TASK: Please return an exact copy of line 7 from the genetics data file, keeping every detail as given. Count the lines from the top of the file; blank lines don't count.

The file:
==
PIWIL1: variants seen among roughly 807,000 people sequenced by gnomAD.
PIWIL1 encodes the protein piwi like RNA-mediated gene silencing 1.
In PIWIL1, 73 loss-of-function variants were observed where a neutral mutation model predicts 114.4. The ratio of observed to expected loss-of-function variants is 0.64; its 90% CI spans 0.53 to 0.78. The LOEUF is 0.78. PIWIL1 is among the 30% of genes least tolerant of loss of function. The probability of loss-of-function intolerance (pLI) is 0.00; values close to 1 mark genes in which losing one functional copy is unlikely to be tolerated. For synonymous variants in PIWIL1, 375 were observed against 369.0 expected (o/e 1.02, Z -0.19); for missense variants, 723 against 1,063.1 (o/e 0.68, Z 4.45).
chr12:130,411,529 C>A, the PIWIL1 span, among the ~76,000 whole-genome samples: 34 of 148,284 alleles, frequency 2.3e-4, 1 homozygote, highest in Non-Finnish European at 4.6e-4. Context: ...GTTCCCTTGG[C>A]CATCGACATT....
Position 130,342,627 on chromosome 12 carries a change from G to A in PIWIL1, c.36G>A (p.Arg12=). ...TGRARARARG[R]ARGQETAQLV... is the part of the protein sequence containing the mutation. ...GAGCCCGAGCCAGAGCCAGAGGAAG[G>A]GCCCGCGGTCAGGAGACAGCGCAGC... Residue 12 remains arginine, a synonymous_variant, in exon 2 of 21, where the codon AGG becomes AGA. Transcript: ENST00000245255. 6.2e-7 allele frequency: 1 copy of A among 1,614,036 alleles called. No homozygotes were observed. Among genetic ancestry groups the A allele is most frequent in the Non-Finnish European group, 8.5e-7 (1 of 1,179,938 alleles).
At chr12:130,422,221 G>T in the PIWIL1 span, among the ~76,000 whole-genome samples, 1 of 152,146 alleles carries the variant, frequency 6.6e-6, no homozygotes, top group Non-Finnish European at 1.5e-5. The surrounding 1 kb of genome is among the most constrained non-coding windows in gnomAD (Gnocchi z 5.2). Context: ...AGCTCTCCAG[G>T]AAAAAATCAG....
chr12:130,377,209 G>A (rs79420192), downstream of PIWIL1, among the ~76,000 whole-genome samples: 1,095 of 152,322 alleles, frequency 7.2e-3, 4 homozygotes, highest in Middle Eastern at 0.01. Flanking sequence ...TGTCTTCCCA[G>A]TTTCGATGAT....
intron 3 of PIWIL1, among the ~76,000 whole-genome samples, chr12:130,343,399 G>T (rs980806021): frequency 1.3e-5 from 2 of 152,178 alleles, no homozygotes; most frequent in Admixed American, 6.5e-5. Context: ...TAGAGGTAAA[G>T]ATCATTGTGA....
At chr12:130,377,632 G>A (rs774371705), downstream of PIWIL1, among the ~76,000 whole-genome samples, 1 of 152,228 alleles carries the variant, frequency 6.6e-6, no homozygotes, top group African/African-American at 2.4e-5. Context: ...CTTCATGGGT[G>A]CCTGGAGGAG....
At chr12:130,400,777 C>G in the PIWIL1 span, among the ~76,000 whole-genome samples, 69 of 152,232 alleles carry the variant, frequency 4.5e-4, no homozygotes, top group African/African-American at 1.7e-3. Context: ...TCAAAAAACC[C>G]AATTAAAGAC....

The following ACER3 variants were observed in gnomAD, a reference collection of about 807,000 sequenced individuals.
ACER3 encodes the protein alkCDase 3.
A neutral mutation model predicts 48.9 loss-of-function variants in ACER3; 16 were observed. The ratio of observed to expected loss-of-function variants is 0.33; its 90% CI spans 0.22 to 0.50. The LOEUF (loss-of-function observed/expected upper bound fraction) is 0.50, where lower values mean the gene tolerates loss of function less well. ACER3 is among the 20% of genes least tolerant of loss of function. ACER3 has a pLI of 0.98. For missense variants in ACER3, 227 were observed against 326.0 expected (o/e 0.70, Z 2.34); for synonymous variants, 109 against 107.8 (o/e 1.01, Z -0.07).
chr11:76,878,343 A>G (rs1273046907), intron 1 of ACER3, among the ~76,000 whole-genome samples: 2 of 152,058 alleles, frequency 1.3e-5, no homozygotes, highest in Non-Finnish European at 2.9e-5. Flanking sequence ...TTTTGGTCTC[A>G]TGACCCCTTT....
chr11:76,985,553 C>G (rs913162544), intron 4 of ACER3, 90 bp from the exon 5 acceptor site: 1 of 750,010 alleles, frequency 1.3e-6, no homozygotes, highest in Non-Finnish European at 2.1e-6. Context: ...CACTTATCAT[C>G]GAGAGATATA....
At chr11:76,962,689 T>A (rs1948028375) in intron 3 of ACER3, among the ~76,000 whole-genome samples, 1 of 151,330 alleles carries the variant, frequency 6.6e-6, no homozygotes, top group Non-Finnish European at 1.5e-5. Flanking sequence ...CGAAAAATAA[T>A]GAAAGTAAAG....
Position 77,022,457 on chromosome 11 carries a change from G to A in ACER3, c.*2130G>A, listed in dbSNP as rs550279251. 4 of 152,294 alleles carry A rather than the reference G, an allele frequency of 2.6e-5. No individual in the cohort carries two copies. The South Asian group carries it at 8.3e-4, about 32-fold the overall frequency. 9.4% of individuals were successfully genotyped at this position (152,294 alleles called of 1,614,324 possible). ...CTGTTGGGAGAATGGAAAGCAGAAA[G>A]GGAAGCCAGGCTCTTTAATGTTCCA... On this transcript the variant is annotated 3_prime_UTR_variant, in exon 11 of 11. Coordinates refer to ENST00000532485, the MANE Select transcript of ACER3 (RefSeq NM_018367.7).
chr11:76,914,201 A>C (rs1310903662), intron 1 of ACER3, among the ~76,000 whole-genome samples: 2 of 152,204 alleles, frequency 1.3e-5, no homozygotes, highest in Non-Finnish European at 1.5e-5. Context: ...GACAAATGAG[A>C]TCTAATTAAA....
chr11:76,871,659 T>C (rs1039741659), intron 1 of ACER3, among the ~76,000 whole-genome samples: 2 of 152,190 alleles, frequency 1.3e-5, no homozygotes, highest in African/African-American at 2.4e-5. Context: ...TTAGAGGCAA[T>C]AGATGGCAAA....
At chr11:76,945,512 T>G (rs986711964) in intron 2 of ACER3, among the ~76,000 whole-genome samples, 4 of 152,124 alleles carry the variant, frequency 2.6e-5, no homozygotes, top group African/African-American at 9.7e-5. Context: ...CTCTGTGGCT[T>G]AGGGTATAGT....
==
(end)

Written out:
chr12:130,377,209 G>A (rs79420192), downstream of PIWIL1, among the ~76,000 whole-genome samples: 1,095 of 152,322 alleles, frequency 7.2e-3, 4 homozygotes, highest in Middle Eastern at 0.01. Flanking sequence ...TGTCTTCCCA[G>A]TTTCGATGAT....